Heinrich Lang (born in Württemberg, 14 November 1826) was a German Protestant pastor who was well known for preaching that all were equal before God without class distinction.
Early life and teaching
Although known for works in Switzerland, Lang grew up in the German state of Württemberg near Frommern. He was the eighth of ten children. In Frommern his father was a pastor and the ministry had been the family's occupation for generations. His father's teachings were highly influential, and from them Heinrich took his understanding of supernatural revelation, and his belief that all people are equal before God. Heinrich and his brothers were taught Latin by their father while preparing for divinity school.
Heinrich studied theology in Tübingen, where he was influenced by Ferdinand Christian Baur. In 1840, he graduated from college with honors, continued his education, and began living in a Roman Catholic school where he taught.
In 1866, he was promoted and began teaching at a college and living at a monastery. He experienced bouts of melancholy while teaching mathematics, Latin, Greek, and Hebrew, but he said that he was reinvigorated by each new group of students.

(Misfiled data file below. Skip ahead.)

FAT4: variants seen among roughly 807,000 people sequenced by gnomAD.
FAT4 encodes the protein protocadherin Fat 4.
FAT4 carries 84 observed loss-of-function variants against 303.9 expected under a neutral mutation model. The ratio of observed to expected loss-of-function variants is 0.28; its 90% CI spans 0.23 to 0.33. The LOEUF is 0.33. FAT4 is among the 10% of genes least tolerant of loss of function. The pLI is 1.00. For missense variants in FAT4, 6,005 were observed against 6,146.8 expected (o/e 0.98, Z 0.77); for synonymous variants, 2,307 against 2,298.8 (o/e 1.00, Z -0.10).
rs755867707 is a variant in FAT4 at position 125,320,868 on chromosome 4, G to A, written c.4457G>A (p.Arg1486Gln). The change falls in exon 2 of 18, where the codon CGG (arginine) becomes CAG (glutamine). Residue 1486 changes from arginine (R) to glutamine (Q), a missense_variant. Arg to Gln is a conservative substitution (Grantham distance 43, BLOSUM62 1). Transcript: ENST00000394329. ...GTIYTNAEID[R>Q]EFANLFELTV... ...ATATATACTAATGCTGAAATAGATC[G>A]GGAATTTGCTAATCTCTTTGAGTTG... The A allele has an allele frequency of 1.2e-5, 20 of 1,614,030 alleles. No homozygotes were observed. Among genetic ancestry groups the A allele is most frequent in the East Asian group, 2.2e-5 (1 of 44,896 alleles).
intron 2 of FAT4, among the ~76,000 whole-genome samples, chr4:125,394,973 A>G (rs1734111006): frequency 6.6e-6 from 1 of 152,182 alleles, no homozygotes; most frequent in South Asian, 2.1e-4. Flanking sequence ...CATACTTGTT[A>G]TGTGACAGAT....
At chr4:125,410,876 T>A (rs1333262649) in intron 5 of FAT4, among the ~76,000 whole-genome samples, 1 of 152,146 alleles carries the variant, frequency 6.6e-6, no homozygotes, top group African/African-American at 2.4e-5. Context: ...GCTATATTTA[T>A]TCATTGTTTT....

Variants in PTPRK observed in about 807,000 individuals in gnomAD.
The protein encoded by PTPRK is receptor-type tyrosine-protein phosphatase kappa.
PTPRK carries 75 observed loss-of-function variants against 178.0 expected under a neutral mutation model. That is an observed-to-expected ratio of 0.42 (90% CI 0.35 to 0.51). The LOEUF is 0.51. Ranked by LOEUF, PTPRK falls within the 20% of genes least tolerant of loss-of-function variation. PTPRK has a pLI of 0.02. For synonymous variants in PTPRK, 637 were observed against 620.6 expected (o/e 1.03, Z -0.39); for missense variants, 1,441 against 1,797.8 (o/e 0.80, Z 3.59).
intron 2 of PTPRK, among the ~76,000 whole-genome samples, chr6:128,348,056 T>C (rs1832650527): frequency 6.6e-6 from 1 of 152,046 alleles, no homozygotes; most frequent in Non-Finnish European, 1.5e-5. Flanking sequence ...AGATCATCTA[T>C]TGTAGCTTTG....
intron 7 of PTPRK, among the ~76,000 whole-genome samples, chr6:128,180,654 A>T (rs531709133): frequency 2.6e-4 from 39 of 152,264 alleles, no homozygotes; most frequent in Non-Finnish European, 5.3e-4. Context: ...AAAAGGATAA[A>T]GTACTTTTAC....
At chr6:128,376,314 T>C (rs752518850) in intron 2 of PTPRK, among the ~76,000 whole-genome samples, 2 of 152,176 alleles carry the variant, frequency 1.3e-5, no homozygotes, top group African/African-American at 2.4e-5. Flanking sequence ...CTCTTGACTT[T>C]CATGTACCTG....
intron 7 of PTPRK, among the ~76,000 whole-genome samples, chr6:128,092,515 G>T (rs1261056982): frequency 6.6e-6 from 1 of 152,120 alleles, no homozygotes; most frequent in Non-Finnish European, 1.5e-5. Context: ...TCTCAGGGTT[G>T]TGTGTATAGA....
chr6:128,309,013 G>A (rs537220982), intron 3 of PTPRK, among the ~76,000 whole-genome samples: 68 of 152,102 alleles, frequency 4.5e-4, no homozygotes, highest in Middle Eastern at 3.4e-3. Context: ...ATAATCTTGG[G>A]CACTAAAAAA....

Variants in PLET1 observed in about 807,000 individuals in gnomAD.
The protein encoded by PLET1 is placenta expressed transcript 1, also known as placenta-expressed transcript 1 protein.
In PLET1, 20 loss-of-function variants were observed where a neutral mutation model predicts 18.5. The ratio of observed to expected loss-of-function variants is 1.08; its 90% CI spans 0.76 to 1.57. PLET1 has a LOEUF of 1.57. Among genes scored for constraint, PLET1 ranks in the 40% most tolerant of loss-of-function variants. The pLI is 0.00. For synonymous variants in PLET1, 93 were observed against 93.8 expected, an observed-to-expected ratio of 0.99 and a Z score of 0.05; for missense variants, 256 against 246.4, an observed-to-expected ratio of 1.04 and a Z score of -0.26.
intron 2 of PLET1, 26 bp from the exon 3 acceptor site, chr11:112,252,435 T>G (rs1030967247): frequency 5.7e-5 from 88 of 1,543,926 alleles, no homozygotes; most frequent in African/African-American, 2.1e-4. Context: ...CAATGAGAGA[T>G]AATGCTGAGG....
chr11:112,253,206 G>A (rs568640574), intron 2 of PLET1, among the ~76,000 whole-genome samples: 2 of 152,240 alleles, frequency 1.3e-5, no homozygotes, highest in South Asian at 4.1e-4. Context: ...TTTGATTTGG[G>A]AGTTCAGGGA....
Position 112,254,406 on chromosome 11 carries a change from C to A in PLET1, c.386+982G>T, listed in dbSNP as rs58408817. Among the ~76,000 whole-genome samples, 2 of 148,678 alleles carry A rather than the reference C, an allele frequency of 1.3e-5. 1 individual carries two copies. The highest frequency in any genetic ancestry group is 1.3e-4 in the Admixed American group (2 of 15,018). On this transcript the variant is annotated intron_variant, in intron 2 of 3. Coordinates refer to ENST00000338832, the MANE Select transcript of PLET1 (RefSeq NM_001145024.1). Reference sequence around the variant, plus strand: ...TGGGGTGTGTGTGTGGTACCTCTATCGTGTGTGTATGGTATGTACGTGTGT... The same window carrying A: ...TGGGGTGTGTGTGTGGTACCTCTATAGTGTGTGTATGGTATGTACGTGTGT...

Works and ministry
Lang's theology writings got him invited to the Saint Peter Church in Zürich, Switzerland as a pastor, where he served until his death.
In 1859, Lang became the editor of the Zeitstimmen für die reformierte Schweiz periodical, which was replaced by Reform in 1872. The Protestáns Society was formed in Hungary in 1860 as a result of Lang's ideas.
In 1863, he moved from the bank of Lake Zurich to Meilen. He was invited to the Saint Peter Church in Zurich as a pastor, where Lang served until his death.
He died in 1876.
- Versuch einer christlichen Dogmatik (2. ed. 1865);
- Ein Gang durch die Welt (2. ed. 1870);
- Religiöse Charaktere (2. ed. 1872);
- Stunden der Andacht (1862–65, 2 vol);
- Das Leben des Apostels Paulus (1866);
- Martin Luther (1870);